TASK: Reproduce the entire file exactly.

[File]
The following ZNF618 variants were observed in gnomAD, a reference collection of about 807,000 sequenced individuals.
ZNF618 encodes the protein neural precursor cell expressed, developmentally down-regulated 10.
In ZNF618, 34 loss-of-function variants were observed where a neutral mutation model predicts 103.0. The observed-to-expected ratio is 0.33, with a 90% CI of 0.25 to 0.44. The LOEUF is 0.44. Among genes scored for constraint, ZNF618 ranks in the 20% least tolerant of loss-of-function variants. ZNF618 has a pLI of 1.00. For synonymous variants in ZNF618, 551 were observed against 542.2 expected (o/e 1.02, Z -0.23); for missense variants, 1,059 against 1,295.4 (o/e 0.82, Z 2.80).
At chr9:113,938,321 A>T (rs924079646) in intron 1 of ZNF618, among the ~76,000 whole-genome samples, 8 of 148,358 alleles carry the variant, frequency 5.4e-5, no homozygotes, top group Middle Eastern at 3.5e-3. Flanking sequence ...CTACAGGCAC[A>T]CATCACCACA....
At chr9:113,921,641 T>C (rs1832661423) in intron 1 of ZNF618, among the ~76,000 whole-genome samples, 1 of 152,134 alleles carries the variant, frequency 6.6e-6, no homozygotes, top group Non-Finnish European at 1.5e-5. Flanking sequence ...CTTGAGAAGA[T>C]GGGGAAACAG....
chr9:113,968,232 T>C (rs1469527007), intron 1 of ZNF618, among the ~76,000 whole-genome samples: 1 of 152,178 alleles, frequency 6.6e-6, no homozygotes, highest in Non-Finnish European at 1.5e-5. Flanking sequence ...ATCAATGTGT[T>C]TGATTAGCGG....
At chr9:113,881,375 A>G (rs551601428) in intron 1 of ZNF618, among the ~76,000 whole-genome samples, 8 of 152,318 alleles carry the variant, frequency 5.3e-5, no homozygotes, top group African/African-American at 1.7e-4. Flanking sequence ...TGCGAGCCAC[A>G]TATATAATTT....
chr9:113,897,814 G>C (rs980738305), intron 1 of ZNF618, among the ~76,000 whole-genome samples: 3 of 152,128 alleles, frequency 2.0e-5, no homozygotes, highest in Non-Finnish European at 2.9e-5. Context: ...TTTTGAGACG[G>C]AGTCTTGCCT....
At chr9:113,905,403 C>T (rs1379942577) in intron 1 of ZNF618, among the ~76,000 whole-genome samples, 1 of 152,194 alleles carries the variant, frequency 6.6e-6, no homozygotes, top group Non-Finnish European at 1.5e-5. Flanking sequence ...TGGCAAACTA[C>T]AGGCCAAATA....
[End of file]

The following ZNF618 variants were observed in gnomAD, a reference collection of about 807,000 sequenced individuals.
ZNF618 encodes the protein neural precursor cell expressed, developmentally down-regulated 10.
In ZNF618, 34 loss-of-function variants were observed where a neutral mutation model predicts 103.0. The observed-to-expected ratio is 0.33, with a 90% CI of 0.25 to 0.44. The LOEUF is 0.44. Among genes scored for constraint, ZNF618 ranks in the 20% least tolerant of loss-of-function variants. ZNF618 has a pLI of 1.00. For synonymous variants in ZNF618, 551 were observed against 542.2 expected (o/e 1.02, Z -0.23); for missense variants, 1,059 against 1,295.4 (o/e 0.82, Z 2.80).
At chr9:113,938,321 A>T (rs924079646) in intron 1 of ZNF618, among the ~76,000 whole-genome samples, 8 of 148,358 alleles carry the variant, frequency 5.4e-5, no homozygotes, top group Middle Eastern at 3.5e-3. Flanking sequence ...CTACAGGCAC[A>T]CATCACCACA....
At chr9:113,921,641 T>C (rs1832661423) in intron 1 of ZNF618, among the ~76,000 whole-genome samples, 1 of 152,134 alleles carries the variant, frequency 6.6e-6, no homozygotes, top group Non-Finnish European at 1.5e-5. Flanking sequence ...CTTGAGAAGA[T>C]GGGGAAACAG....
chr9:113,968,232 T>C (rs1469527007), intron 1 of ZNF618, among the ~76,000 whole-genome samples: 1 of 152,178 alleles, frequency 6.6e-6, no homozygotes, highest in Non-Finnish European at 1.5e-5. Flanking sequence ...ATCAATGTGT[T>C]TGATTAGCGG....
At chr9:113,881,375 A>G (rs551601428) in intron 1 of ZNF618, among the ~76,000 whole-genome samples, 8 of 152,318 alleles carry the variant, frequency 5.3e-5, no homozygotes, top group African/African-American at 1.7e-4. Flanking sequence ...TGCGAGCCAC[A>G]TATATAATTT....
chr9:113,897,814 G>C (rs980738305), intron 1 of ZNF618, among the ~76,000 whole-genome samples: 3 of 152,128 alleles, frequency 2.0e-5, no homozygotes, highest in Non-Finnish European at 2.9e-5. Context: ...TTTTGAGACG[G>C]AGTCTTGCCT....
At chr9:113,905,403 C>T (rs1379942577) in intron 1 of ZNF618, among the ~76,000 whole-genome samples, 1 of 152,194 alleles carries the variant, frequency 6.6e-6, no homozygotes, top group Non-Finnish European at 1.5e-5. Flanking sequence ...TGGCAAACTA[C>T]AGGCCAAATA....